When low-fare carrier Southwest Airlines announced it would start service from California to Hawaii in March, the news was received with mixed emotions.
Many welcomed the competition, which would likely mean lower fares to the Islands. Others bemoaned the carrier, which offers no-frills service and no assigned seating. (This brought back memories of waiting in line at the gate for Aloha Airlines interisland flights.)
In March, Southwest rolled out routes between Oakland and San Jose, California to Honolulu and Kahului, Maui, with one-way tickets starting as low as $49. (That fare didn’t last.)
We were excited about its interisland service, which began on April 28 with a route between Honolulu and Kahului. (Service between Honolulu and Kona, Hawaii Island started on May 12, with a Hilo route expected in the fall.)
I booked a flight to Maui last Wednesday, opting for the Wanna Get Away fare of $29 one way. (What a deal!) There are three different fares offered by Southwest: Business Select is its top fare, which includes priority boarding—you are the first to select seats onboard—and your ticket is fully refundable and changeable without fee; Anytime fares get similar perks as Business Select except no priority boarding; and Wanna Get Away fares come with the basic perks of Southwest—two checked bags for free, no change fees—and are much cheaper.
Southwest doesn’t depart from the interisland terminal at the Daniel K. Inouye International Airport. Instead, you have to head to Terminal 2 and walk to Gate 6, which is new and features charging stations for your electronics and very clean bathrooms.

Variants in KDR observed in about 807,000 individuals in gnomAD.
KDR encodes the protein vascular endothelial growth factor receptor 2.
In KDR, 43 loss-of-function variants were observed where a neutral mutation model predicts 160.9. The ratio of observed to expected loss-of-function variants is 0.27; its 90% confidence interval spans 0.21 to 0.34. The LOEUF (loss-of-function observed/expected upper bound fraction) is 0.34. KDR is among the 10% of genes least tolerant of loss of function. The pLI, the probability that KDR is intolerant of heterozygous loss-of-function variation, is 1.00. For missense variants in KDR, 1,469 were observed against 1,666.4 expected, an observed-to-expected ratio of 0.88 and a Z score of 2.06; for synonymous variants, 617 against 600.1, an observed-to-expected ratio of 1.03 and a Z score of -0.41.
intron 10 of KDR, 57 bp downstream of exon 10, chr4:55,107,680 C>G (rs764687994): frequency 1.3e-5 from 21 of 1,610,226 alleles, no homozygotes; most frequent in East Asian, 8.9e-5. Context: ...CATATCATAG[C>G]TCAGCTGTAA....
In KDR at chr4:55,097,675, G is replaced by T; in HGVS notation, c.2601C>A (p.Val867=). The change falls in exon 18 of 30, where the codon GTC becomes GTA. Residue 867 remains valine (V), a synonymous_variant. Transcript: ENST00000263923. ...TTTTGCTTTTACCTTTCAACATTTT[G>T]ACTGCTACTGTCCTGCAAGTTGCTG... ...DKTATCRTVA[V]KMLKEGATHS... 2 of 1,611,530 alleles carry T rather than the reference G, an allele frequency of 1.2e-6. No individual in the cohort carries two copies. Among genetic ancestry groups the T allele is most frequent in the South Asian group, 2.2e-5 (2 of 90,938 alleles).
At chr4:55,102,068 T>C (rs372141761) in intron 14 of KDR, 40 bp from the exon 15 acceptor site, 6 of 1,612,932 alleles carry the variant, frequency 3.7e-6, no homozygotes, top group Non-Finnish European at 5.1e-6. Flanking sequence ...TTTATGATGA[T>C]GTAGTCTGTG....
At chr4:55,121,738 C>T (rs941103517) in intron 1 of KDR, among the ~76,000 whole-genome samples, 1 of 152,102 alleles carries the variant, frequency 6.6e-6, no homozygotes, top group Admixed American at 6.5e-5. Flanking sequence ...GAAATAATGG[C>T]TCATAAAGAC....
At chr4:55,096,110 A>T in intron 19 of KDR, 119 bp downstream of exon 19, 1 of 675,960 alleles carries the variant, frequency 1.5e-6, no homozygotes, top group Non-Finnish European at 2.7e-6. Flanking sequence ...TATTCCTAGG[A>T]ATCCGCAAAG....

There’s a trick to boarding: The earlier you check in—you can start checking in for your flight 24 hours before your departure time—the higher your boarding priority. I wound up with the seating priority B15, which meant I followed the A group. When your group is called—in this case, group B—you line up in numerical order. Yes, in numerical order. So I stood between B14 and B16. It was simple. You can also purchase upgraded boarding at the gate when available. The price was $30 per person the day of my flight.
Once on board you are free to pick whatever seat you want. I snagged a window seat in the middle of the plane. The legroom was noticeably better on this plane compared to other interisland flights. No one fought for seats or overhead compartment space. The whole thing was very civilized.
The flight attendants were casual, in polo shirts and ceramic plumeria flowers in their hair. Just after takeoff, we were given a bag of pretzels—“Just because we like you,” it read—and a choice between water AND Ocean Spray cran-grape juice. "It’s a short flight, folks,” one of the flight attendants reminded the full cabin.
In less than half an hour, we were landing in Kahului.
I recently booked a trip to Hilo on a competing airline and it cost me $250 roundtrip. On Southwest, I paid about $60 for a roundtrip ticket to Maui—and I could bring on two checked bags for free. For such a short flight, and with just one person traveling, an assigned seat just isn’t worth the expense. My advice? Check in early and bring your own snacks. Southwest will do the rest.